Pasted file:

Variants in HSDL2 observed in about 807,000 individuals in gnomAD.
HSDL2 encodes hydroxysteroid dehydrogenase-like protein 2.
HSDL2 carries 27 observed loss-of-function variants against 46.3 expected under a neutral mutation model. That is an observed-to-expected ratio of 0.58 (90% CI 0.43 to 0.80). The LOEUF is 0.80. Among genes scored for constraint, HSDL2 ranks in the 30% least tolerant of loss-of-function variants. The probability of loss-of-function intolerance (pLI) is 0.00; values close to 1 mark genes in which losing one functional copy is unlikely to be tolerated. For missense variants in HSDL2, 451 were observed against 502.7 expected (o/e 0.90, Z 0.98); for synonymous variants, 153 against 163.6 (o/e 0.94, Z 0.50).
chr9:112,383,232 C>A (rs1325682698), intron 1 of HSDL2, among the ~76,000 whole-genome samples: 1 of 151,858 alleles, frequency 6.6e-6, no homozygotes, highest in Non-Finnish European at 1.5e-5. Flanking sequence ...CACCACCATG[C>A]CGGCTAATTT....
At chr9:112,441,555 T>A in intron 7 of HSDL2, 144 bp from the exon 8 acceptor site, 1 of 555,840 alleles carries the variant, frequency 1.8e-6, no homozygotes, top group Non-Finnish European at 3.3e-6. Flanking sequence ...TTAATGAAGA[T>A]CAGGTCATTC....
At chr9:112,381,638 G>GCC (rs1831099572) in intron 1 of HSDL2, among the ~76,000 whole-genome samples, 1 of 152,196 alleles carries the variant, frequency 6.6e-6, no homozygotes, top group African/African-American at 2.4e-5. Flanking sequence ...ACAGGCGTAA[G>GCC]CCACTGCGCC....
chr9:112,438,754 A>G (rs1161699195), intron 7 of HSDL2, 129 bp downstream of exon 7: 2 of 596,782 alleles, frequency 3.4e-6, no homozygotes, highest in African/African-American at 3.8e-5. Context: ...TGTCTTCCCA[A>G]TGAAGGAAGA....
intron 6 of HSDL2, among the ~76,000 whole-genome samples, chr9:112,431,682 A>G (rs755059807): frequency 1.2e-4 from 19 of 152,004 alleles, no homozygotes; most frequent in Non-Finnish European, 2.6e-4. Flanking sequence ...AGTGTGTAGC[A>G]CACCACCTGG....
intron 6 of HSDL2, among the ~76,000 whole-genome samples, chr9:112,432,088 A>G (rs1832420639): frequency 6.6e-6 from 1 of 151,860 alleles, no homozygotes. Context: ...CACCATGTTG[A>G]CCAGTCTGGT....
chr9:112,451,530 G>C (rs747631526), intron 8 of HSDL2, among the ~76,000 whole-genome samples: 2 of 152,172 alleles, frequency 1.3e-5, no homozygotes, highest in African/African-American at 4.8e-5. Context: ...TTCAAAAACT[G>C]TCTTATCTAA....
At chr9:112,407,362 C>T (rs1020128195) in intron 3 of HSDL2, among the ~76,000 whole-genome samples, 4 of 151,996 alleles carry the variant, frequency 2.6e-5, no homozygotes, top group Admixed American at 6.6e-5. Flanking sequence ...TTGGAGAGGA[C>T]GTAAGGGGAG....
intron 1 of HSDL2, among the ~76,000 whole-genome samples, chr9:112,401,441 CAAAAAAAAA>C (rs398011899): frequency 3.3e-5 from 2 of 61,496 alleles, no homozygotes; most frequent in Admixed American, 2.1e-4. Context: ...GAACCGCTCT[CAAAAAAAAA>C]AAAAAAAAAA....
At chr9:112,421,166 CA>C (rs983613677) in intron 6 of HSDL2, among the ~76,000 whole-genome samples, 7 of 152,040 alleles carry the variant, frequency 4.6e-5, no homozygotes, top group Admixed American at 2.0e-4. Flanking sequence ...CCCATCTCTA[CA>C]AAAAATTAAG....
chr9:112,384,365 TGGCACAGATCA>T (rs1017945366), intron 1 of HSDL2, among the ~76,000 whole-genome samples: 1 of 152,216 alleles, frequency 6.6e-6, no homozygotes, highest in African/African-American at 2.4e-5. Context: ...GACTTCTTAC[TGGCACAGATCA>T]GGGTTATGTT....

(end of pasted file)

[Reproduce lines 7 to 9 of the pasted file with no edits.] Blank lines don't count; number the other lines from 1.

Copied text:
chr9:112,438,754 A>G (rs1161699195), intron 7 of HSDL2, 129 bp downstream of exon 7: 2 of 596,782 alleles, frequency 3.4e-6, no homozygotes, highest in African/African-American at 3.8e-5. Context: ...TGTCTTCCCA[A>G]TGAAGGAAGA....
intron 6 of HSDL2, among the ~76,000 whole-genome samples, chr9:112,431,682 A>G (rs755059807): frequency 1.2e-4 from 19 of 152,004 alleles, no homozygotes; most frequent in Non-Finnish European, 2.6e-4. Flanking sequence ...AGTGTGTAGC[A>G]CACCACCTGG....
intron 6 of HSDL2, among the ~76,000 whole-genome samples, chr9:112,432,088 A>G (rs1832420639): frequency 6.6e-6 from 1 of 151,860 alleles, no homozygotes. Context: ...CACCATGTTG[A>G]CCAGTCTGGT....